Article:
masonry_brick2Brick is the oldest manufactured building material. The earliest brick, made from mud (sometimes with added straw), was invented almost 10,000 years ago. Clay brick started to appear about 5,000 years ago, when builders borrowed pottery manufacturing techniques to improve its strength and durability. From some of the oldest known structures to modern buildings, clay brick has a history of providing shelter that is durable, comfortable, safe, and attractive.

Primary raw materials for modern clay bricks include surface clays, fire clays, shales or combinations of these. Units are formed by extrusion, molding or dry-pressing and are fired in a kiln at high temperatures to produce units with a wide range of colors, textures, sizes and physical properties. Clay and shale masonry units are most frequently selected as a construction material for their aesthetics and long-term performance.

While brick and structural clay tile are both visually appealing and durable, they are also well-suited for many structural applications. This is primarily due to their variety of sizes and very high compressive strength.

Concrete brick is a very effective way to make a strong first impression. When people walk up or drive by a home with concrete brick, second glances are common reactions. 

Concrete brick has more benefits than its striking visual qualities. They deaden exterior noise, providing a buffer from traffic noise, airplanes flying overhead and other various disruptions. Fire protection is another benefit as is reduced maintenance. Finally, concrete brick walls can improve the thermal mass qualities of exterior walls, thus reducing energy bills.

This brick has a molded bark texture face.
Bricks are also available with a rough estate texture face.
Photos courtesy of Taylor Concrete.


The requirements for good performance from a concrete brick wall include:

  1. A foundation which will handle the weight of the brick veneer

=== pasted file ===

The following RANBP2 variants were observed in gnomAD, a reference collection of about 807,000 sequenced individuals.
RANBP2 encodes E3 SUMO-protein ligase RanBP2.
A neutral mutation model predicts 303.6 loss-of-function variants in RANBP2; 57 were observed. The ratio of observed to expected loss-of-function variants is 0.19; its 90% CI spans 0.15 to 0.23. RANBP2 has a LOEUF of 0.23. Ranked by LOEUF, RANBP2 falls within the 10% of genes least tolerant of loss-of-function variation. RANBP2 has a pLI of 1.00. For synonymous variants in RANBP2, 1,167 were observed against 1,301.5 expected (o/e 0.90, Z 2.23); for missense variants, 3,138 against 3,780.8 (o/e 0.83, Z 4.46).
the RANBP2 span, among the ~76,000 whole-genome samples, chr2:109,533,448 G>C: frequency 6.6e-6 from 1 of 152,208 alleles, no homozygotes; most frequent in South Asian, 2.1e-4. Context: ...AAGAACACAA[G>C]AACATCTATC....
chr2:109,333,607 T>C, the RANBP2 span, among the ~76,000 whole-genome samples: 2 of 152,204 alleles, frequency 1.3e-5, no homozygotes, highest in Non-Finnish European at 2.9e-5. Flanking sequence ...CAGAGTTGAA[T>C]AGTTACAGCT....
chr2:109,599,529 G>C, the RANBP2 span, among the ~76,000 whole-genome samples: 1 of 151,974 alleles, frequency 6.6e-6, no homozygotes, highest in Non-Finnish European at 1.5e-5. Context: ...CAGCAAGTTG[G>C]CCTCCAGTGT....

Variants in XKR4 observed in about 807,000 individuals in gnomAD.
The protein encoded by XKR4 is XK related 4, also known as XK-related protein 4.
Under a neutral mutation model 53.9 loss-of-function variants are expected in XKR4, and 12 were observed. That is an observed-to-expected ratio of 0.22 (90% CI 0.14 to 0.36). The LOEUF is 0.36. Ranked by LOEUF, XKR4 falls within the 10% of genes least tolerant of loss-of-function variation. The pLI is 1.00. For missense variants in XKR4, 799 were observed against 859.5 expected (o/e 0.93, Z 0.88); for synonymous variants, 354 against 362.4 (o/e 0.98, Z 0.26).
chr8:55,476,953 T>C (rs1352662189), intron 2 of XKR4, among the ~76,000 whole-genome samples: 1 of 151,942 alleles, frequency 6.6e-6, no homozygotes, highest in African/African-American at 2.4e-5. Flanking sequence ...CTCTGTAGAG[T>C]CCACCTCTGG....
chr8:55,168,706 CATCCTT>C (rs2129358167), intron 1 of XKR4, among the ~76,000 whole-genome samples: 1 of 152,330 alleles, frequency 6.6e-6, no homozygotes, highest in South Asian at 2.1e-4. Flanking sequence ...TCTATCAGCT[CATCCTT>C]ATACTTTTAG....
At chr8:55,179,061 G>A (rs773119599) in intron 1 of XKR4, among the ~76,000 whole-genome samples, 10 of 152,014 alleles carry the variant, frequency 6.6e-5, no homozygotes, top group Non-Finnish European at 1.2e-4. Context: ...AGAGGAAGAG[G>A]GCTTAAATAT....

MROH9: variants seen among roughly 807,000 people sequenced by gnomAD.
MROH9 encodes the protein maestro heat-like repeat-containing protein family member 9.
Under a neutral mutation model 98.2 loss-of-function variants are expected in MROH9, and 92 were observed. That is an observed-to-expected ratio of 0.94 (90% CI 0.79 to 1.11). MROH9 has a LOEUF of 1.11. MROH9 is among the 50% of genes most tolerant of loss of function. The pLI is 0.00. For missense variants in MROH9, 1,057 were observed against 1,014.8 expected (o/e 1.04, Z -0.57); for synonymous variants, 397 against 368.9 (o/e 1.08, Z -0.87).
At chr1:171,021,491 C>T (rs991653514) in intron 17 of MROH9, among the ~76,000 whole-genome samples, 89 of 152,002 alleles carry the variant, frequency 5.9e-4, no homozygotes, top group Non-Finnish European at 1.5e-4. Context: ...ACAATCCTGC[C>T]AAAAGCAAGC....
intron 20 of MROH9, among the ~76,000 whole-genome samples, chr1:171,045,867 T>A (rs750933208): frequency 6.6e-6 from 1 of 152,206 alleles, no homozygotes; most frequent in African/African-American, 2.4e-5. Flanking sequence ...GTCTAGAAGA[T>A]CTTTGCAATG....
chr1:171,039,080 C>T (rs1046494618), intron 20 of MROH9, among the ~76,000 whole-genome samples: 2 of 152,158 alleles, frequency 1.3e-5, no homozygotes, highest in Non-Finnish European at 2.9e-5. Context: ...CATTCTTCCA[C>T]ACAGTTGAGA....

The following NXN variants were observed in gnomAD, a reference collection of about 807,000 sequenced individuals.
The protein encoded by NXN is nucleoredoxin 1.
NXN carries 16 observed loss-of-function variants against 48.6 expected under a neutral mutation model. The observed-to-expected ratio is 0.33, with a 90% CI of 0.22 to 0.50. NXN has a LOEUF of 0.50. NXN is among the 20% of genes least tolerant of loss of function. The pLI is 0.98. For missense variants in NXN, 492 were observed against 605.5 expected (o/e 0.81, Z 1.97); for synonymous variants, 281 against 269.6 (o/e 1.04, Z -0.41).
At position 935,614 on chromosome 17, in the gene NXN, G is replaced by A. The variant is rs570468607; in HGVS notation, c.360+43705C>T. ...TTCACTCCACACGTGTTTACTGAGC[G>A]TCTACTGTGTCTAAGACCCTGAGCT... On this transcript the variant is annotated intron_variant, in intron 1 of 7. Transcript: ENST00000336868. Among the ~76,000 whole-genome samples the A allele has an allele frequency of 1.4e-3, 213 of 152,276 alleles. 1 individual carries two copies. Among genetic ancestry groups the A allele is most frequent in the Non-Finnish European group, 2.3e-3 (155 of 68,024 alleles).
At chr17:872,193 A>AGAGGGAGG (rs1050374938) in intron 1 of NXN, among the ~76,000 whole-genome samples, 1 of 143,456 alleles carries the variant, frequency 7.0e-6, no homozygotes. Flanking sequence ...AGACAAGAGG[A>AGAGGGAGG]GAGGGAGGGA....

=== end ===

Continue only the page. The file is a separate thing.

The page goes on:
2. A well-braced back-up wall which will handle the veneer load
  3. Proper attachment to the back-up wall
  4. Proper design and detailing of expansion joints, flashing, and drainage
  5. Proper use of materials
  6. Good workmanship during construction


Concrete brick is manufactured in various colors and patterns. The type of finish is even an option; smooth, sandblasted, stone pattern, etc. The concrete used to produce the bricks can be anything from regular aggregate concrete to various mixtures of lightweight aggregates. They are usually colored with iron oxide pigment at the surface, or the pigment is present throughout the mixture.

As shown by the pictures above, brick come in many styles. This can help blend a house in with its natural surroundings or neighboring houses.


As shown by the pictures above, brick come in many styles. This can help blend a house in with its natural surroundings or neighboring houses.

Photos courtesy of Air Vol Block.

Mortarless Brick

A new exterior wall system uses concrete bricks cast in special shapes that require no mortar and can be installed by anyone with basic carpentry skills. The system provides homeowners with the effective look of real brick exteriors.

The dimensions and appearance of the brick faces are similar to traditional split-faced bricks, and like bricks used for conventional veneer walls, they are installed in staggered rows. Hidden from view is the unusual shape of the cast block, which allows shingle-like overlapping. Because the system does not require footings or mortar, it can be used on new or existing buildings. Installers stack the blocks in rows and screw them to vertical furring strips attached to the wall sheathing. The furring strips provide a positive connection and create an air space, allowing the veneer surface to breath and providing drainage for any moisture that may penetrate. Thermal insulation characteristics are about the same as common face brick (R-0.11) and each unit weighs just over four pounds. Because of the interlocking shape of the materials, the system requires no mortar and can be installed by a contractor, handyman or homeowner with basic woodworking and layout skills. Like traditional split-face brick, the system is strong and durable and will not dent, chip or fade in color.

Information courtesy of Home Innovation Research Labs.


Removing grout residue with acidic cleaners is risky for concrete surfaces. Do not use a sealer as a grout barrier. Prevent grout smears, surface scratching and keep grout residue out of any surface texture characteristics by coating before grouting.

Efflorescence (subsurface originating white powdery stains) and scuffing can occur. However, this is easily cleaned. If it is a concern, choose a penetrating sealer.

Colors can fade. It's the iron oxide pigments used in concrete products that do not fade. The appearance of fading is actually from light efflorescence and can be stopped by sealing with the appropriate sealer.

All concrete products are subject to damage from acids. However, the appropriate sealer helps prevents this.

Information courtesy of Aldon Chemical. Additional information about brick may be found at The Brick Industry Association web site.